Offline spectre9

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Re: Pete Wilson (RAND): cancel SLS now
« Reply #76 on: 04/07/2013 02:08 am »

FH flies long before SLS ever does - wager?

FH is big enough - fuel depots

FH is the more fiscally responsible

You cannot come on this board and tell me the engineers at MSFC and JSC are so stupid they could not build a mission using multiple FH launches.  They could...

...privately some have.

All in a much quicker time frame and on much sounder economic footing.

No one can even tell me one payload that will fly on SLS.  There is ZERO funding for payloads and missions.  We have to build the rocket first... kind of like we have to pass the bill before we see whats in it.

VR
RE327


I never said FH wouldn't fly first. How long is long? Long enough for NASA and various other regulatory bodies to be happy about putting a manned spacecraft on it? I don't think so.

Good option for gateway resupply perhaps.

NASA is not in the business of building fuel depots. They like large low loiter time LH2 stages. Use low ISP fuel or take the time to develop advanced cryogenic boiloff technology and that increases mission complexity and adds risk.

FH is not more fiscally responsible. The true costs, payload and launch rate are still not known.

Of course nobody can say what payload will fly on SLS, there are many options. That's what's good about a heavy lifter.

It is theoretically possible that NASA is "leaving" plenty of time to develop payloads.  The word "leaving", if true, would be clearly indicative of NASA's intention, as if to suggest that this was the plan all along.

That doesn't seem likely.

They're doing it because they don't have the funding right now. They've been honest about that. They need more hardware to do missions.

Quote from: Spectre
If SLS is cancelled they can still use it to build another station...

You're going to have to tighten up on grammar and logic; this makes no sense whatsoever.  If they should cancel the rocket, how they can still use it?

Not sure what you're driving at.

NASA had the option to launch a large space station the last time they had one spare and that was after Saturn V was cancelled. Of course SLS will not fly anything if it's cancelled in development, that's sort of given. I'm not going to type out monster article style posts so everybody can follow everything I'm saying without any prior knowledge. That would be a waste of space, I hate the posters that do that which is why I try to be concise.

This is already one of my larger posts but I have one more thing to respond to.

Really?

Fine. Give SLS/Orion and commercial the same amount and look what will happen.

SLS and Orion are commercial sort of. Boeing, Lockheed and ATK build the hardware. Perhaps it's the level of control over the design you have a problem with? SpaceX will want to do things their own way. If not the costs for NASA will be still be big.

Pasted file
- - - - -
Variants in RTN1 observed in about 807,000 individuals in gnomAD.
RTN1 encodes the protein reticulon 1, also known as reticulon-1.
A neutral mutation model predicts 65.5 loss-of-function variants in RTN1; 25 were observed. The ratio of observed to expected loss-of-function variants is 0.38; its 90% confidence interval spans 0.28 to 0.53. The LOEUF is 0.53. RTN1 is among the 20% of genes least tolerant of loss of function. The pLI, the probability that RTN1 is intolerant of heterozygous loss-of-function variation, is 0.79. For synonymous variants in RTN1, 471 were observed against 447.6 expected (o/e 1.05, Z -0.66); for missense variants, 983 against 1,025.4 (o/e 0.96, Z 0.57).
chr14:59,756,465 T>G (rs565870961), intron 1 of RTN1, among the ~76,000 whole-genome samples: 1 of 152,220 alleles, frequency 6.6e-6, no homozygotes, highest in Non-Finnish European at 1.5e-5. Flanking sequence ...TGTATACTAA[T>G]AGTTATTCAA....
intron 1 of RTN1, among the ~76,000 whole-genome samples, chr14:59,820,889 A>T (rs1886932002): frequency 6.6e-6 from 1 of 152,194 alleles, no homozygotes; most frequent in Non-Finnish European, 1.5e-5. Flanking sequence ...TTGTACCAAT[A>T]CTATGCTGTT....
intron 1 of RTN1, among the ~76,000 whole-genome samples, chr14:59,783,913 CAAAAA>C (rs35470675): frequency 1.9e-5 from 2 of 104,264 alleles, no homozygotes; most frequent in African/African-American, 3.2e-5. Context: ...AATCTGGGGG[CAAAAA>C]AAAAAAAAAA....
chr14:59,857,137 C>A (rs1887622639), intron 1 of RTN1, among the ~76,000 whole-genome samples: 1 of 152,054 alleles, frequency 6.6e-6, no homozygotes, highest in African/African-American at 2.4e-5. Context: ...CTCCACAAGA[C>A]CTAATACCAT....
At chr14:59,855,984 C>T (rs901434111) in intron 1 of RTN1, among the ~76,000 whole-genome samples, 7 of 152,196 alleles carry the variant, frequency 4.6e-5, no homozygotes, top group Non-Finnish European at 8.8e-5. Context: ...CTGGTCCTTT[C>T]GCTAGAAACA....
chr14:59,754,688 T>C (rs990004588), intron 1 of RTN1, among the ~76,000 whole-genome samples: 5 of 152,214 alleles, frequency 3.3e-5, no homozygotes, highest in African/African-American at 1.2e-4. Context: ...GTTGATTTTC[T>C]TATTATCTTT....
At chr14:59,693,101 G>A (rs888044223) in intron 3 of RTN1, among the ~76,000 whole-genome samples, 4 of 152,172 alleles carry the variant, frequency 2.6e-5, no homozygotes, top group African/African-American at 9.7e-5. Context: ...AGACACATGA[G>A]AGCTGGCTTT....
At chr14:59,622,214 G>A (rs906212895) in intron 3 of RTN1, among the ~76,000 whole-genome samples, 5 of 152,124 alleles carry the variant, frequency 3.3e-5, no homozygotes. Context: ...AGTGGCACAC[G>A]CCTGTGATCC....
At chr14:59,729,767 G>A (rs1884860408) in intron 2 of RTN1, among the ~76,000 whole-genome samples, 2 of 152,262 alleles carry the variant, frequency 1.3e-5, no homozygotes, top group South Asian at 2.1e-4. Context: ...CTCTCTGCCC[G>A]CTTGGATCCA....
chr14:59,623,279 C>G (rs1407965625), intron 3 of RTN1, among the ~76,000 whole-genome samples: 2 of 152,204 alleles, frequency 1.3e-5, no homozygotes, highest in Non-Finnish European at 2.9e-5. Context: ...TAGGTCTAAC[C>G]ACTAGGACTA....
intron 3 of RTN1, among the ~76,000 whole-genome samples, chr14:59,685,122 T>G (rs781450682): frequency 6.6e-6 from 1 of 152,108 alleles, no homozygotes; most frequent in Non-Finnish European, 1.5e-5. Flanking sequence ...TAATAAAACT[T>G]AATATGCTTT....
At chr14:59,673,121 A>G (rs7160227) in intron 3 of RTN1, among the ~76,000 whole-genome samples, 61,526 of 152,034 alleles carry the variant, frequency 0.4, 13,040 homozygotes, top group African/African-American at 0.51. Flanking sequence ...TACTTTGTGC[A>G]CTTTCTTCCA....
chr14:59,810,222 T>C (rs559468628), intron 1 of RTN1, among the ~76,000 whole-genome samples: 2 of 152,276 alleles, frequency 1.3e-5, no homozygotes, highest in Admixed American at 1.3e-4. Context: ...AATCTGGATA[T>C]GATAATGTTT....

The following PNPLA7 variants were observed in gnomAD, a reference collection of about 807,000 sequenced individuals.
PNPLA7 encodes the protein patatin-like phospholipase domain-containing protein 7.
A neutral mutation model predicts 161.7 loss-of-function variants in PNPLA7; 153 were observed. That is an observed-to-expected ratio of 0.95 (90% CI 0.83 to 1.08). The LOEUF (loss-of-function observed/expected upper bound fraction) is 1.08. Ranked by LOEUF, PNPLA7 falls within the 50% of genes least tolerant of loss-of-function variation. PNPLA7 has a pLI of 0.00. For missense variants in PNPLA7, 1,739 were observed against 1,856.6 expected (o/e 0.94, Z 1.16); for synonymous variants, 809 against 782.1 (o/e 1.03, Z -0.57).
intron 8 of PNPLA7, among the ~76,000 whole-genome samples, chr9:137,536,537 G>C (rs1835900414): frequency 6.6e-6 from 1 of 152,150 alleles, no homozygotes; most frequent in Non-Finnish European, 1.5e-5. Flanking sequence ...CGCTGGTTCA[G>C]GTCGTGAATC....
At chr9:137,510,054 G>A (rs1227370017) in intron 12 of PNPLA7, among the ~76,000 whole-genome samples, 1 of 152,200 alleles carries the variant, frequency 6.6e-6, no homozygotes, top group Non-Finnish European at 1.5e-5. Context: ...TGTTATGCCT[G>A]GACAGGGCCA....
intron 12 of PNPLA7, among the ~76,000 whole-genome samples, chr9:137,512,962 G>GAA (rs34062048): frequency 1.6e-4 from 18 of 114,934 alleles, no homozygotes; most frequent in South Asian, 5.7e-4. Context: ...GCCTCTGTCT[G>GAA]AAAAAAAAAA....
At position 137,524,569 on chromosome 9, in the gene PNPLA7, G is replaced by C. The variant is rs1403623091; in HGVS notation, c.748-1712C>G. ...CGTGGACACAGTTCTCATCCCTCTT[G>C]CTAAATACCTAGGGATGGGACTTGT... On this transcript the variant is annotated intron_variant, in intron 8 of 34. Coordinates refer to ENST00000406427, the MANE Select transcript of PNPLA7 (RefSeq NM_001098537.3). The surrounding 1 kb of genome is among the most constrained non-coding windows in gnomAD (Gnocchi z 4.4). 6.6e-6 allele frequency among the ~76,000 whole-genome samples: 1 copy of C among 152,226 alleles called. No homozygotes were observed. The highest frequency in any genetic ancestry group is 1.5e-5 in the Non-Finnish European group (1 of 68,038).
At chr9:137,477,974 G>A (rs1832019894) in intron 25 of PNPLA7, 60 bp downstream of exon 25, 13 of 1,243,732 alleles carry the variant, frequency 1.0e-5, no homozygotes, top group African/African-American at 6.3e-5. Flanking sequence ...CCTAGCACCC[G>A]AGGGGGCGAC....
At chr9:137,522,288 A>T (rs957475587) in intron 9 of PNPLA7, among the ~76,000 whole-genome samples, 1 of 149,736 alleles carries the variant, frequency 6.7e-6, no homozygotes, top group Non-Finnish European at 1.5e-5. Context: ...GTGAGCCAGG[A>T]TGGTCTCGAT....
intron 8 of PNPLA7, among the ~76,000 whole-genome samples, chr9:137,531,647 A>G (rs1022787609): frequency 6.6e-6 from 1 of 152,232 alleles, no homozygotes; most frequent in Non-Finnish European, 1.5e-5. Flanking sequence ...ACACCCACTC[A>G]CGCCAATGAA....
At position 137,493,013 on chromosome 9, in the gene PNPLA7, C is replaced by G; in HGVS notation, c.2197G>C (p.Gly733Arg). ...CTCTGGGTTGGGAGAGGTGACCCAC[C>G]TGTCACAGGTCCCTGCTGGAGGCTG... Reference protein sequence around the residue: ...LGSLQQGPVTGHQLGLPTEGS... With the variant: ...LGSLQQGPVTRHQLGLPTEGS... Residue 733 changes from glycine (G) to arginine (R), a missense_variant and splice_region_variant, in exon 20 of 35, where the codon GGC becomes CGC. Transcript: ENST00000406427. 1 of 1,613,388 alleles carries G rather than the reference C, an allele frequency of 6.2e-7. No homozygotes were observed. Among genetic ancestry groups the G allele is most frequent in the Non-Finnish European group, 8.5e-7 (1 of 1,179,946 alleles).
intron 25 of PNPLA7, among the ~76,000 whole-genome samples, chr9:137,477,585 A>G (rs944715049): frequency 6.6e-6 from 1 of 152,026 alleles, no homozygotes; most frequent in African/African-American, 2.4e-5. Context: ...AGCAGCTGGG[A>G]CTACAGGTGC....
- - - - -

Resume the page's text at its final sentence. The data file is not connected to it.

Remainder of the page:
Offline JohnFornaro

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Re: Pete Wilson (RAND): cancel SLS now
« Reply #77 on: 04/07/2013 01:50 pm »
Quote from: Spectre
If SLS is cancelled they can still use it to build another station...

You're going to have to tighten up on grammar and logic; this makes no sense whatsoever.  If they should cancel the rocket, how they can still use it?

Not sure what you're driving at.

NASA had the option to launch a large space station the last time they had one spare and that was after Saturn V was cancelled. Of course SLS will not fly anything if it's cancelled in development, that's sort of given. I'm not going to type out monster article style posts so everybody can follow everything I'm saying without any prior knowledge. That would be a waste of space, I hate the posters that do that which is why I try to be concise.

Just to quote you as concisely as possible then, "If SLS is cancelled they can still use it to build another station".

Build a space station with a cancelled rocket? 
Sometimes I just flat out don't get it.

Offline spectre9

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Re: Pete Wilson (RAND): cancel SLS now
« Reply #78 on: 04/07/2013 11:44 pm »
Dear John

Thanks for your insightful commentary on my posting.

I'm sorry you're still confused as to what I was trying to say.

I mean if SLS is produced, not cancelled in development then not used for exploration because the whole BEO architecture doesn't appear.

Please accept my apologies for my poorly worded rantings and thanks for your response.

Yours sincerely,
Stephen

Offline beancounter

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Re: Pete Wilson (RAND): cancel SLS now
« Reply #79 on: 04/08/2013 03:03 am »
Dear John

Thanks for your insightful commentary on my posting.

I'm sorry you're still confused as to what I was trying to say.

I mean if SLS is produced, not cancelled in development then not used for exploration because the whole BEO architecture doesn't appear.

Please accept my apologies for my poorly worded rantings and thanks for your response.

Yours sincerely,
Stephen

Ha, finally a 'Dear John' letter, er post.   ;)
Beancounter from DownUnder